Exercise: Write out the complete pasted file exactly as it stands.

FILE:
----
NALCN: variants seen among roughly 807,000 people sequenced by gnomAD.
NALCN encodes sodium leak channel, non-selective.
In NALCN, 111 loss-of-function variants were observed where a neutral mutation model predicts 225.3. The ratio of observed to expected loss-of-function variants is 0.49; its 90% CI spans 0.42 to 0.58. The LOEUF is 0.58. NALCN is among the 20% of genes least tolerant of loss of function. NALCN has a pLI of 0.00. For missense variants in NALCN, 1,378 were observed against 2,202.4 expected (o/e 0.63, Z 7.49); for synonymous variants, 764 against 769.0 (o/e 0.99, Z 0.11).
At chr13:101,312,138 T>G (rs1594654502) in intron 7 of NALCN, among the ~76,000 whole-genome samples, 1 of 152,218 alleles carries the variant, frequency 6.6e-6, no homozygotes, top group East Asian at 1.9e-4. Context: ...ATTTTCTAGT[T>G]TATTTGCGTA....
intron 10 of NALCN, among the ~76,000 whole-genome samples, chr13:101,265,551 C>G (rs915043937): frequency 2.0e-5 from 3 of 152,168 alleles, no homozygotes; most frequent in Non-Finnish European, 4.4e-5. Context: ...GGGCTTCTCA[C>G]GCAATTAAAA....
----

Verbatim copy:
NALCN: variants seen among roughly 807,000 people sequenced by gnomAD.
NALCN encodes sodium leak channel, non-selective.
In NALCN, 111 loss-of-function variants were observed where a neutral mutation model predicts 225.3. The ratio of observed to expected loss-of-function variants is 0.49; its 90% CI spans 0.42 to 0.58. The LOEUF is 0.58. NALCN is among the 20% of genes least tolerant of loss of function. NALCN has a pLI of 0.00. For missense variants in NALCN, 1,378 were observed against 2,202.4 expected (o/e 0.63, Z 7.49); for synonymous variants, 764 against 769.0 (o/e 0.99, Z 0.11).
At chr13:101,312,138 T>G (rs1594654502) in intron 7 of NALCN, among the ~76,000 whole-genome samples, 1 of 152,218 alleles carries the variant, frequency 6.6e-6, no homozygotes, top group East Asian at 1.9e-4. Context: ...ATTTTCTAGT[T>G]TATTTGCGTA....
intron 10 of NALCN, among the ~76,000 whole-genome samples, chr13:101,265,551 C>G (rs915043937): frequency 2.0e-5 from 3 of 152,168 alleles, no homozygotes; most frequent in Non-Finnish European, 4.4e-5. Context: ...GGGCTTCTCA[C>G]GCAATTAAAA....